Who hasn't heard or seen the video of his version of "Somewhere Over the Rainbow" or "What a Wonderful World"? And who hasn't found a tear in their eye or a lump in their throat? There's just something about that warm voice, and the sweet sincerity behind it.
IZ: Voice of the People, he could make as much as $10 a night. Which isn't so bad for an 11-year-old kid with a ukulele.
Remember, this was back when the ukulele wasn't as cool as it is today, with folks such as Eddie Vedder and even that young upstart Jake Shimabukuro jumping on the four-string bandwagon.
Others have written more eloquently and knowledgeably than I about the world of IZ, notably Rick Carroll in the aforementioned book, which does a great job putting the short span of IZ's life into the larger context of Hawaiian independence and cultural identity, accompanied by a wide-ranging essays and lots of photos. One great story related by journalist Lee Quarnstrom, at a concert in Hawaii:
[IZ] played and sang. Then he got down and lumbered over to the edge of the stage and looked down at Governor Waihee, who was among local big shots in the front row. 'Hey Goberner,' IZ asked, 'when you gonna give da land back to da Hawaiian people?' The crowd went nuts. The governor looked embarrassed and tried to smile it off.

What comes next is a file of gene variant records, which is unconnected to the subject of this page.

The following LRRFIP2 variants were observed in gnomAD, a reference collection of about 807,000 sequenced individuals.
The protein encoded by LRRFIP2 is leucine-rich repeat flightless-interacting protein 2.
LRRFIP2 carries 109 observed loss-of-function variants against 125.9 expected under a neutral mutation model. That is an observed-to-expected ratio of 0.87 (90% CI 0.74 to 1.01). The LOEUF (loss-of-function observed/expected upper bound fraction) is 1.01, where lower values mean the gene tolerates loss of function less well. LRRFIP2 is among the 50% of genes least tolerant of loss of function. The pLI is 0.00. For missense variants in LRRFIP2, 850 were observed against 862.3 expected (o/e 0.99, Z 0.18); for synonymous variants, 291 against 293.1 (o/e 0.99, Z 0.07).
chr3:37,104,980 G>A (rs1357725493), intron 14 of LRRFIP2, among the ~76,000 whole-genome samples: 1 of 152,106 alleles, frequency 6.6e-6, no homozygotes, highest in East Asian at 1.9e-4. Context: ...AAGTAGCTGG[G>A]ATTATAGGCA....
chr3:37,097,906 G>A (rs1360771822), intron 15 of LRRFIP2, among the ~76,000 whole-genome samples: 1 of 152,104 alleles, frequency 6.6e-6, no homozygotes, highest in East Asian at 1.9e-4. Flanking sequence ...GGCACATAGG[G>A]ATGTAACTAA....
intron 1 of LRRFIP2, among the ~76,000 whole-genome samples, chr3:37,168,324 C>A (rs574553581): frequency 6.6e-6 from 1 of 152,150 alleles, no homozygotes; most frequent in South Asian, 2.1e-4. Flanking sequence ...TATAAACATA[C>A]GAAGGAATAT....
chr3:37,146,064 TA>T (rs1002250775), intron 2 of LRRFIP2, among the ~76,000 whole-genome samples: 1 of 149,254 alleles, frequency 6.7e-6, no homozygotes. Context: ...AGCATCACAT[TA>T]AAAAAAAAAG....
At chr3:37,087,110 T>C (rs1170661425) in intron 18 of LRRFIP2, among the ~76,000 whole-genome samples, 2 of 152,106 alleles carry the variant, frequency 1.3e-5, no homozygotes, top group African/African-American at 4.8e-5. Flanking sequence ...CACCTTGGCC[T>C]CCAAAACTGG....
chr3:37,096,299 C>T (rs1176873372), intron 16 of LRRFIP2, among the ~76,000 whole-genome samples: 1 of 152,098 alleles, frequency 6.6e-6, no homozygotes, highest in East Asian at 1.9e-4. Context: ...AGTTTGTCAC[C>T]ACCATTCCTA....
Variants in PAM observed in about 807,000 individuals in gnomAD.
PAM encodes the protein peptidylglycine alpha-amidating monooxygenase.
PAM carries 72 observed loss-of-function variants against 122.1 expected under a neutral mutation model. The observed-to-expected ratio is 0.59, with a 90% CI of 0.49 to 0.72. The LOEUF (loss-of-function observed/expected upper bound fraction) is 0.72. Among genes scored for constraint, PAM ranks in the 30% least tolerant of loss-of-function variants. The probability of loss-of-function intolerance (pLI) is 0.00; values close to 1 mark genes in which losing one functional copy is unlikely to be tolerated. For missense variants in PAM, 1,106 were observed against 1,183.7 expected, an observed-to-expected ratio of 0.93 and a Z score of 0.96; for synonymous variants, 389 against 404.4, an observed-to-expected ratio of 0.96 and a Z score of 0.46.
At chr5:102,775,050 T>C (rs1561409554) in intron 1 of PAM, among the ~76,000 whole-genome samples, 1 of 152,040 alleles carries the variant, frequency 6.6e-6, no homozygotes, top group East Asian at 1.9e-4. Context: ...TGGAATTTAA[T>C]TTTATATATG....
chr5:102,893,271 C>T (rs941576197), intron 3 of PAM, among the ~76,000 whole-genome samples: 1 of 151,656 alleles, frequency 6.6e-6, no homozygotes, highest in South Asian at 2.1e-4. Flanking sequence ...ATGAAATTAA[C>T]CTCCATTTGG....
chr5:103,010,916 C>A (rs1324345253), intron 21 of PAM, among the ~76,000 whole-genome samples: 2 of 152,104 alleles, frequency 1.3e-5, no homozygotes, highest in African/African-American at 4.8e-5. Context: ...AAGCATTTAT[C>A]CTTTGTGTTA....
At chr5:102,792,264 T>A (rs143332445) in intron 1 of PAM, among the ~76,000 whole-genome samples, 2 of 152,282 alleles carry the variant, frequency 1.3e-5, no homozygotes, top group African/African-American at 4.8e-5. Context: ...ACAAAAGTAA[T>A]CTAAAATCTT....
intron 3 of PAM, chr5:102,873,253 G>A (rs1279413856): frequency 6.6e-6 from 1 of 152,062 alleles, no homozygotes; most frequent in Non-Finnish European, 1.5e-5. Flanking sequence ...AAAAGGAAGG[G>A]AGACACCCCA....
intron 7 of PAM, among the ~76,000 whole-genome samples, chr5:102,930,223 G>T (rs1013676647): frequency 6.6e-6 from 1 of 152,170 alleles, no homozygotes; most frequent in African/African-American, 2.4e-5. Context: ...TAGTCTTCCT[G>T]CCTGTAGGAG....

IZ came to the cause of Hawaiian sovereignty later than his brother Skippy, but later became a strong voice for his culture, prompting one writer to (perhaps excessively) call him "the Bob Marley of Hawai'i." Had he managed to beat his weight/eating issues and survive past the age of 38, one can only imagine how much richer his musical legacy would be today. Fortunately, many are keeping his music and memory alive.
from the CD Wonderful World
Listen/buy the CD Wonderful World
book: IZ: Voice of the People
IZ at the Mountain Apple Company
IZ on Facebook
IZ video: White Sandy Beach